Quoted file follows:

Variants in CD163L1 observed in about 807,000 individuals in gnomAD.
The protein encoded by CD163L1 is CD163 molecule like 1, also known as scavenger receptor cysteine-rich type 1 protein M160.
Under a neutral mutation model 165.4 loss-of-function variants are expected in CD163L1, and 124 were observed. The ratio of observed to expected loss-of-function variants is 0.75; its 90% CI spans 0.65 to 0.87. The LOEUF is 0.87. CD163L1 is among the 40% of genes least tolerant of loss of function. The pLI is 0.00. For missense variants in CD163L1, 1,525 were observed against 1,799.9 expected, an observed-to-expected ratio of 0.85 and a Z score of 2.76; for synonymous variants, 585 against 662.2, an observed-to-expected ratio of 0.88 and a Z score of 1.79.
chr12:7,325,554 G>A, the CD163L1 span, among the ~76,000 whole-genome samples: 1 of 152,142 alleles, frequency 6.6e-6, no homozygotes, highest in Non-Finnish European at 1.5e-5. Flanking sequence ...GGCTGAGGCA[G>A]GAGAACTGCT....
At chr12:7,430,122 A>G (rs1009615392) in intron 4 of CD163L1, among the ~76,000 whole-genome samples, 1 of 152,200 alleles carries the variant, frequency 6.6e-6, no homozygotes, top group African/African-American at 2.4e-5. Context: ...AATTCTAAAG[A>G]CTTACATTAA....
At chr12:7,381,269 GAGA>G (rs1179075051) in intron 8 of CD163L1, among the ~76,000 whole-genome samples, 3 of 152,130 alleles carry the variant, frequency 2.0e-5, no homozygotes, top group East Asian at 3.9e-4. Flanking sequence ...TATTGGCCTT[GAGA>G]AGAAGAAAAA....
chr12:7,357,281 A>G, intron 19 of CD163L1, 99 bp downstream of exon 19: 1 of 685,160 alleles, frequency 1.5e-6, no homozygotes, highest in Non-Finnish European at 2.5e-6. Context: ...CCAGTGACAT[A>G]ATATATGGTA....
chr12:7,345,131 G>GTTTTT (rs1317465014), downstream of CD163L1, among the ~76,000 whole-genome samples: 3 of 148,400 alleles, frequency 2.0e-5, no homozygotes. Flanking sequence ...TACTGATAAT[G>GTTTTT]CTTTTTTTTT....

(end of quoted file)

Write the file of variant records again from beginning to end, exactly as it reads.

Variants in CD163L1 observed in about 807,000 individuals in gnomAD.
The protein encoded by CD163L1 is CD163 molecule like 1, also known as scavenger receptor cysteine-rich type 1 protein M160.
Under a neutral mutation model 165.4 loss-of-function variants are expected in CD163L1, and 124 were observed. The ratio of observed to expected loss-of-function variants is 0.75; its 90% CI spans 0.65 to 0.87. The LOEUF is 0.87. CD163L1 is among the 40% of genes least tolerant of loss of function. The pLI is 0.00. For missense variants in CD163L1, 1,525 were observed against 1,799.9 expected, an observed-to-expected ratio of 0.85 and a Z score of 2.76; for synonymous variants, 585 against 662.2, an observed-to-expected ratio of 0.88 and a Z score of 1.79.
chr12:7,325,554 G>A, the CD163L1 span, among the ~76,000 whole-genome samples: 1 of 152,142 alleles, frequency 6.6e-6, no homozygotes, highest in Non-Finnish European at 1.5e-5. Flanking sequence ...GGCTGAGGCA[G>A]GAGAACTGCT....
At chr12:7,430,122 A>G (rs1009615392) in intron 4 of CD163L1, among the ~76,000 whole-genome samples, 1 of 152,200 alleles carries the variant, frequency 6.6e-6, no homozygotes, top group African/African-American at 2.4e-5. Context: ...AATTCTAAAG[A>G]CTTACATTAA....
At chr12:7,381,269 GAGA>G (rs1179075051) in intron 8 of CD163L1, among the ~76,000 whole-genome samples, 3 of 152,130 alleles carry the variant, frequency 2.0e-5, no homozygotes, top group East Asian at 3.9e-4. Flanking sequence ...TATTGGCCTT[GAGA>G]AGAAGAAAAA....
chr12:7,357,281 A>G, intron 19 of CD163L1, 99 bp downstream of exon 19: 1 of 685,160 alleles, frequency 1.5e-6, no homozygotes, highest in Non-Finnish European at 2.5e-6. Context: ...CCAGTGACAT[A>G]ATATATGGTA....
chr12:7,345,131 G>GTTTTT (rs1317465014), downstream of CD163L1, among the ~76,000 whole-genome samples: 3 of 148,400 alleles, frequency 2.0e-5, no homozygotes. Flanking sequence ...TACTGATAAT[G>GTTTTT]CTTTTTTTTT....